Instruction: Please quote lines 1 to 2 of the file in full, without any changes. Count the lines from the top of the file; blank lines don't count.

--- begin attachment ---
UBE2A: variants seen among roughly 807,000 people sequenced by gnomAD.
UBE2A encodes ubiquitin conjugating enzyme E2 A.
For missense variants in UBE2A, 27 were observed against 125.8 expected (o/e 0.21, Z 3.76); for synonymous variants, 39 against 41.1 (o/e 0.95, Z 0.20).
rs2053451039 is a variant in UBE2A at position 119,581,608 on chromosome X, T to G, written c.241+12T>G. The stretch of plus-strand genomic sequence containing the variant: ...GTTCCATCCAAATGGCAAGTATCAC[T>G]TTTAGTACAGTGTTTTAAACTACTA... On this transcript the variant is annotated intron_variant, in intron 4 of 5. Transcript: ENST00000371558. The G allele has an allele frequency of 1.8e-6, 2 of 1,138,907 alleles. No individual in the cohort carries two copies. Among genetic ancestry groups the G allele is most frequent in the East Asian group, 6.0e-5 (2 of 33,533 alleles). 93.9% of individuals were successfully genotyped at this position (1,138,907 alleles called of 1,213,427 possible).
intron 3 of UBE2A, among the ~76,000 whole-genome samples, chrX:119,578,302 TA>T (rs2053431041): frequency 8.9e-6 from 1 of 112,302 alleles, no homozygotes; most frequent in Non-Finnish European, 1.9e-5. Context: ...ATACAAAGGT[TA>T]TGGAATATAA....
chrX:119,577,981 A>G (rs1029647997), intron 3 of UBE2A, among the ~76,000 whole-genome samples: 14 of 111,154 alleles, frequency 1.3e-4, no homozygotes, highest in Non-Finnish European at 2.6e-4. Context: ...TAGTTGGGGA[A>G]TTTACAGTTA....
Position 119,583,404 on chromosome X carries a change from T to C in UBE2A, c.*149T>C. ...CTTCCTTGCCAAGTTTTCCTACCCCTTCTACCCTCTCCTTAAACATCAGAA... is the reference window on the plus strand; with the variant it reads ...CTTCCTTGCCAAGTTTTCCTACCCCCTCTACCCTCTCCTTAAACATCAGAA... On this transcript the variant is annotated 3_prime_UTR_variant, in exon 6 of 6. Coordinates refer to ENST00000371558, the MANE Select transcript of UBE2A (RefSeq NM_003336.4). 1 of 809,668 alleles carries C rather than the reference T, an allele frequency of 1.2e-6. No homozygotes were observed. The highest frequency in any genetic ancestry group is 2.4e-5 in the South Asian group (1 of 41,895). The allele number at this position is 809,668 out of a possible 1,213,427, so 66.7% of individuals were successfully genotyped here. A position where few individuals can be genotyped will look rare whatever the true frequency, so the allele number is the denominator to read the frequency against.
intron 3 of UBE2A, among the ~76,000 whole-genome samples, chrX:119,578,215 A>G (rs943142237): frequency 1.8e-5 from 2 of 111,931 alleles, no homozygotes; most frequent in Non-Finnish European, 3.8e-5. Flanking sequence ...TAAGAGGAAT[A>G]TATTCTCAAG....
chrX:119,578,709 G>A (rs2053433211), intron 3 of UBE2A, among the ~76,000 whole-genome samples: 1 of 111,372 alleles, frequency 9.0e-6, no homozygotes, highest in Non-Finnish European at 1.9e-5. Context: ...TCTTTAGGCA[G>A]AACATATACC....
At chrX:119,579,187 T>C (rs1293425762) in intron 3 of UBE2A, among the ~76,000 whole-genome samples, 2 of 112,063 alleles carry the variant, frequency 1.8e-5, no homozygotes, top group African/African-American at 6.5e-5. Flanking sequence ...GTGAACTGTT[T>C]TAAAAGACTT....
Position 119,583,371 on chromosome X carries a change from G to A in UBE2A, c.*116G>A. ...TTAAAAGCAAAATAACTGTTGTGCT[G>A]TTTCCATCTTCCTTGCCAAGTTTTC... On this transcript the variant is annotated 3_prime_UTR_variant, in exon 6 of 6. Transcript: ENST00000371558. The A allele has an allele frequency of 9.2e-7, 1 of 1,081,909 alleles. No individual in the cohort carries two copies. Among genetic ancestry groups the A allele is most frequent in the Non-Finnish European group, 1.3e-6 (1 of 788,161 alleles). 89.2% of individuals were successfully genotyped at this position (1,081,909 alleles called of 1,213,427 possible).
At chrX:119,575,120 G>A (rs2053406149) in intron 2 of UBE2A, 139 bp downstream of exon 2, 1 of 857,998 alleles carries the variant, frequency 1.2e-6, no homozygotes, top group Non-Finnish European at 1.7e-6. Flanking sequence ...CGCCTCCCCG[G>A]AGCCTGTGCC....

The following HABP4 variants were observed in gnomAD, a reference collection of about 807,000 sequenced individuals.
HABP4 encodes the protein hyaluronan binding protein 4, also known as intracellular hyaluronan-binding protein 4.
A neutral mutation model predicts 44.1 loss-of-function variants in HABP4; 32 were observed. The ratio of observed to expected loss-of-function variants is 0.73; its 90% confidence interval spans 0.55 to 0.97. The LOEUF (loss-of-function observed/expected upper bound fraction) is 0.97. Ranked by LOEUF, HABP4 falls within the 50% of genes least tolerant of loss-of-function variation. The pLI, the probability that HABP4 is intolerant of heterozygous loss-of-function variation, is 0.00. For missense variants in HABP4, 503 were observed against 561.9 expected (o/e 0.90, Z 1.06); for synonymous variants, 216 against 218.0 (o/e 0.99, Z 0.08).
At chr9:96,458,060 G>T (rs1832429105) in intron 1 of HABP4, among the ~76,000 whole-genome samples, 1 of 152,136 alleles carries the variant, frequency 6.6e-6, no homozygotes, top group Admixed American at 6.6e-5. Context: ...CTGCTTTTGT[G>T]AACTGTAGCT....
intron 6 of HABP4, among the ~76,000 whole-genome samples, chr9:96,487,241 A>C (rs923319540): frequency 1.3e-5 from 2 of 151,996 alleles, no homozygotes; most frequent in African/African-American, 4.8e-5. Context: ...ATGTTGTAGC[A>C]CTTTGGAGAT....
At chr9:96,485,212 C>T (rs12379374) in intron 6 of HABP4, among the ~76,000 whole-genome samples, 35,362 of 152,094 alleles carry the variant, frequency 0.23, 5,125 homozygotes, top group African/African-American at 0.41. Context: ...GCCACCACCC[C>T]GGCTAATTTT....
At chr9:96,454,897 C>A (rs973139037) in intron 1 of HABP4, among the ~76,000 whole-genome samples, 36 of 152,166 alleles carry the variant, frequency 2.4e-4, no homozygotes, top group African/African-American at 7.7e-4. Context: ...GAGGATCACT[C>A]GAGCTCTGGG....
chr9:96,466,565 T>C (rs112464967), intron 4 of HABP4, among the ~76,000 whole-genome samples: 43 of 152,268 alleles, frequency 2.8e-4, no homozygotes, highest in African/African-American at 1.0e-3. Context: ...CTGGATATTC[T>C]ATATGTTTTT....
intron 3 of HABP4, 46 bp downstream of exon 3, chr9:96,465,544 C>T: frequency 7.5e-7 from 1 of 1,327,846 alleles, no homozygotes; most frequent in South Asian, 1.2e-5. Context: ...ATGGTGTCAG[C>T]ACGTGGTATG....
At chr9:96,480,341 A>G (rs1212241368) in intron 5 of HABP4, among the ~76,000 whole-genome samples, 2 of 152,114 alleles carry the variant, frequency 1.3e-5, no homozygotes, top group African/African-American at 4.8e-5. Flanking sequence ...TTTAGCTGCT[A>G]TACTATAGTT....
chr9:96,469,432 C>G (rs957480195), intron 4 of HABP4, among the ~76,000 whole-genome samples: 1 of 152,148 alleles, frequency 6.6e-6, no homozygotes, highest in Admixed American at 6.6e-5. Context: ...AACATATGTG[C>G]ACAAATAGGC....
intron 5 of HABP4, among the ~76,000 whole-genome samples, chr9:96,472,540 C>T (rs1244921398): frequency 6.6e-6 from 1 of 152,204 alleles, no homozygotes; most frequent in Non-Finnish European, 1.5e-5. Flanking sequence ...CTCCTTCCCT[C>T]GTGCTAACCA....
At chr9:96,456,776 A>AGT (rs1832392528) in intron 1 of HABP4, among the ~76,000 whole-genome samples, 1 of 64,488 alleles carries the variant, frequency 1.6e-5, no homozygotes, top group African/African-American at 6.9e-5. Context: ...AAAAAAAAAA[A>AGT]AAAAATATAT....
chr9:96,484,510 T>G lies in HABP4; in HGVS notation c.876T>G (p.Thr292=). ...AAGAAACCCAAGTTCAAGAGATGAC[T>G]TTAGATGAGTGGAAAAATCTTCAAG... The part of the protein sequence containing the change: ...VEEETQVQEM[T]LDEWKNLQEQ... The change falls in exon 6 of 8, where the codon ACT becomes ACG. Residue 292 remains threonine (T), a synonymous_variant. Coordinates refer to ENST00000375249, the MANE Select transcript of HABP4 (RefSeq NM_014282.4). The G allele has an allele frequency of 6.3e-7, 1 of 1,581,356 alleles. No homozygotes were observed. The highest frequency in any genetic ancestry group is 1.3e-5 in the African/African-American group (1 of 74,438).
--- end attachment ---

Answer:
UBE2A: variants seen among roughly 807,000 people sequenced by gnomAD.
UBE2A encodes ubiquitin conjugating enzyme E2 A.